EUC 101: The Glorious Past of this Futuristic Transporter

EUC 101: The Glorious Past of this Futuristic Transporter

As far as futuristic-looking forms of transportation go, the electric unicycle (commonly known as the “euni” or “EUC”) has got to be right up there along with spaceships and hovercars. The way that they self-balance and self-propel without needing a remote looks like some kind of magic or science fiction to the average Joe - so what gives? How did they come about, and more importantly - how do they work?

Photo courtesy of David Stoelhorst / @ShortCircuit43

It may come as a bit of a surprise that the idea, and even test vehicles go back as far as the 1930’s. The “monowheel”, as euni’s bigger cousin was called, involved the rider sitting inside one large wheel - using gyroscopes, reaction wheels or pendulums to stay upright and turn. 

Usually powered by some kind of internal combustion engine, vehicles such as M. Goventosa’s Monocycle, as well as Charles F. Taylor’s various creations seemed to work well enough, capturing lots of imagination and interest but ultimately never making it into production in any form.


Richard C. Hemming’s hand-powered “Flying Yankee Velocipede” monowheel, patented in 1869.

M. Goventosa’s monowheel in 1931.

Charles F. Taylor’s one-wheeled vehicle concept in the 1960’s

The first time we see a compact, battery-powered, self-balancing powered unicycle resembling the devices of today was in
this patent filed in 1977 by Gabriel Charles L. This relied on clunky electrical rods and switches to go forwards and backwards, which were likely not sufficient to keep the rider upright - as a result no known functional prototype was ever built.

It wasn’t until 2010 when an American inventor by the name of Shane Chen came up with his “Solowheel” concept, that the electric unicycle as we know it came to be. Coupling a fast microprocessor-based electronic speed controller (“ESC”) with an electric motor inside the wheel, the device used electric gyro sensors in a constant feedback loop in a very similar way to the original Segway. The rider only needed to lean forwards to speed up, and backwards to slow down, using momentum to stay upright and turn just like a bicycle.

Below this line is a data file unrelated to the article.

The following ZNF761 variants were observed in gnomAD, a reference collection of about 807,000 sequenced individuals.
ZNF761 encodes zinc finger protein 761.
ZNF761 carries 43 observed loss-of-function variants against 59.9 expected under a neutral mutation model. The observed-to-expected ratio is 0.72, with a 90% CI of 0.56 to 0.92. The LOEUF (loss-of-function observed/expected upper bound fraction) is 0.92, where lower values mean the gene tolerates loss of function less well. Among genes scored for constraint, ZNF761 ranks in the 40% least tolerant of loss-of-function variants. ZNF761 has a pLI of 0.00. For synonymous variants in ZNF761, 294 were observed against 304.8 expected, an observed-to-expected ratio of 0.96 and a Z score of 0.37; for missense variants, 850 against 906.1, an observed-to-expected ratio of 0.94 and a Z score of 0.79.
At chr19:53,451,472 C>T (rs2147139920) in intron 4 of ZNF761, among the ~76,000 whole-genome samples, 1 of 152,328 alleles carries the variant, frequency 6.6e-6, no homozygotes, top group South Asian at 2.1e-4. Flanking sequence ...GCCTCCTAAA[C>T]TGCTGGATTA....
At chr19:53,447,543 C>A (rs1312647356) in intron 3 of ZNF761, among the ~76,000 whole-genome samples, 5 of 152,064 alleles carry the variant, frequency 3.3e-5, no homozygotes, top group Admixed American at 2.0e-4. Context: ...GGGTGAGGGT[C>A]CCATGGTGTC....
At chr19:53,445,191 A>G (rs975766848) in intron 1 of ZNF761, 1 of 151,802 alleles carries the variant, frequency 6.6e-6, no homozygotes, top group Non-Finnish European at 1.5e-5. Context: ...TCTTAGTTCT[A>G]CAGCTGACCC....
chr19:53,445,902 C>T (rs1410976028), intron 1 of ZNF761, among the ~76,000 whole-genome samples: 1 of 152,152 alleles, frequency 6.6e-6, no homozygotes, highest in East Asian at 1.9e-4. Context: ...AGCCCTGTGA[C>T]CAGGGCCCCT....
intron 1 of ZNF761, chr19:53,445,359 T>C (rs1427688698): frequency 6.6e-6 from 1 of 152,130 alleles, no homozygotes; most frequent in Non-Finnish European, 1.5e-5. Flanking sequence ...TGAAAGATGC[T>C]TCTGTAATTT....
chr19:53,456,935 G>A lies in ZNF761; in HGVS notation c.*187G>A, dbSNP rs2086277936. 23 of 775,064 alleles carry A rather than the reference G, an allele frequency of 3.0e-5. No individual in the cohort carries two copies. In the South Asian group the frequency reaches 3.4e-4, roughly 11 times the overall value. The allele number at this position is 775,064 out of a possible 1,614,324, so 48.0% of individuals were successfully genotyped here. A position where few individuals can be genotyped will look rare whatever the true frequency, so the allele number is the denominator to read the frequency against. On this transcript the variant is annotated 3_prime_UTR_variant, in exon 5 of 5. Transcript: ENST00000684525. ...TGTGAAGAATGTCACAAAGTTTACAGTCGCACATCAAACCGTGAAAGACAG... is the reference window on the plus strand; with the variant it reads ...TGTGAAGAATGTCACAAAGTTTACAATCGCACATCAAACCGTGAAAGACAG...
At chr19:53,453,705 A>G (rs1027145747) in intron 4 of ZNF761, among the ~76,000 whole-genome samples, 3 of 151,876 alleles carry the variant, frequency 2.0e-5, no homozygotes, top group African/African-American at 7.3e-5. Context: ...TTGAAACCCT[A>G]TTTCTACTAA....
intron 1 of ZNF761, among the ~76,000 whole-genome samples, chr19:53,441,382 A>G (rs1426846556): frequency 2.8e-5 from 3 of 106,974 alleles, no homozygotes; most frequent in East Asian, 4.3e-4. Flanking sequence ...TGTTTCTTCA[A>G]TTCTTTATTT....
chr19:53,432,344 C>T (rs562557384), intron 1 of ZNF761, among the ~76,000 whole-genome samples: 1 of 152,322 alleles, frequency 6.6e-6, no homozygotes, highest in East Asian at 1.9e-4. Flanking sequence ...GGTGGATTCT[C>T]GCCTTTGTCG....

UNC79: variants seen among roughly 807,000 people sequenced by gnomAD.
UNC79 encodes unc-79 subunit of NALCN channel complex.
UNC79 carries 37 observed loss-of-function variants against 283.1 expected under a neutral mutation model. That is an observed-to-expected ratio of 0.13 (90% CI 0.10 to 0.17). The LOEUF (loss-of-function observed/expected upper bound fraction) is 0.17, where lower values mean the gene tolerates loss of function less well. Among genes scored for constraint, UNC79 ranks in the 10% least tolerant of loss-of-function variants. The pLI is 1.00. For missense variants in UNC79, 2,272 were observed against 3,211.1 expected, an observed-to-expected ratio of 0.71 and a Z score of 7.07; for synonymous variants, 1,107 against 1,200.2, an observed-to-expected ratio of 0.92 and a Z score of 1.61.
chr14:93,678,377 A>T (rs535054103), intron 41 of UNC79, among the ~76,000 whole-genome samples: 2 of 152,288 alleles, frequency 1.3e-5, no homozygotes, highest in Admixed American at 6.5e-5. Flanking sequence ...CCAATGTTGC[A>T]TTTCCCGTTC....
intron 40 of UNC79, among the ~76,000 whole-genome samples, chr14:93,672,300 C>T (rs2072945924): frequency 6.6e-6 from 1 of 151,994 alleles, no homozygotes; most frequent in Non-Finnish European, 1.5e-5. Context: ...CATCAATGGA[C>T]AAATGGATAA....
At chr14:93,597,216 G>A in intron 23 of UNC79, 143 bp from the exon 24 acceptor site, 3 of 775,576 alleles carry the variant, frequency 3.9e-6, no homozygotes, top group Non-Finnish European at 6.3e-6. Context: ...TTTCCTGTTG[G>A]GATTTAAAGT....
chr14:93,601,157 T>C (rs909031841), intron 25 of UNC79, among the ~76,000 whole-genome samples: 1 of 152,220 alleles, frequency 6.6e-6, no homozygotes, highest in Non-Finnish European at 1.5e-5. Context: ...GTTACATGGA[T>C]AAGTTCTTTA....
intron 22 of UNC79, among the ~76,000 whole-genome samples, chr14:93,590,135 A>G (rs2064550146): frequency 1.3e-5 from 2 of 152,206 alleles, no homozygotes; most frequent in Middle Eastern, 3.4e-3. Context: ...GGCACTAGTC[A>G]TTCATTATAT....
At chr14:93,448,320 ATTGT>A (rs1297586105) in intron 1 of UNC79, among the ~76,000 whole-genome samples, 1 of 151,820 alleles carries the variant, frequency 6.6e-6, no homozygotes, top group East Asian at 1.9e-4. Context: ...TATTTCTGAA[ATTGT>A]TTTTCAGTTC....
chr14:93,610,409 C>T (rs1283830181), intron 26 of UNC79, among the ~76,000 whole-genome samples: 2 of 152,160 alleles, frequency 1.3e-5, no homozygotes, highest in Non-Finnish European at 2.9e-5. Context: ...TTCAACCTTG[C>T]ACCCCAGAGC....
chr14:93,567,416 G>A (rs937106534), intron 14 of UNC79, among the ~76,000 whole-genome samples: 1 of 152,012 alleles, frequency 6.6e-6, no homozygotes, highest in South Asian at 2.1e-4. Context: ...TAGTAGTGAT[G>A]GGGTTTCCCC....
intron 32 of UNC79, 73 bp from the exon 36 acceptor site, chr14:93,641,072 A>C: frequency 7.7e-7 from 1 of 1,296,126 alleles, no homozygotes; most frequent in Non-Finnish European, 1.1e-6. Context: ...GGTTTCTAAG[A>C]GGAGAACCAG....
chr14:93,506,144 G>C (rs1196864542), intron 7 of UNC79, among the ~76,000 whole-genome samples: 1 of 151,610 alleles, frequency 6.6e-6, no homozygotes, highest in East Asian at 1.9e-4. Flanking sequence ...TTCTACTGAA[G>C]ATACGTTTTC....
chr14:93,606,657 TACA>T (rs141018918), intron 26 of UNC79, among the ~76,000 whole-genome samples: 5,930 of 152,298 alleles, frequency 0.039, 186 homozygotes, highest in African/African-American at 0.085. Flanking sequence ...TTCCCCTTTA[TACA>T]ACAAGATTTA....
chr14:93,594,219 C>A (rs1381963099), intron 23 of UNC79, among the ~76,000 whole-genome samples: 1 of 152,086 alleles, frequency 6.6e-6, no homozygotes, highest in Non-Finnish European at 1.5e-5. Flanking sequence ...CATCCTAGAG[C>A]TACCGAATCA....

Shane Chen’s Solowheel, the grandfather of all electric unicycles.

While battery technology, electric motors, chips and sensors have all since improved, not much has fundamentally changed from Mr Chen’s original 2010 design. His patents have been licenced and commercialised by various manufacturers including KingSong, Inmotion, Gotway and Leaperkim, with major improvements made to handling, range, speed and safety features with each new generation.

It is still relatively early days for the electric unicycle, and we can’t wait to see where they go from here!

Jonno is a recent convert to electric unicycles, and he also chairs Electric Riders Australia - a non-profit advocacy group providing a united voice for all electric Personal Mobility Device owners, riders and businesses, and calling for the legalisation of these PMDs Australia. Please sign the petition today, and follow us on Facebook and Instagram.

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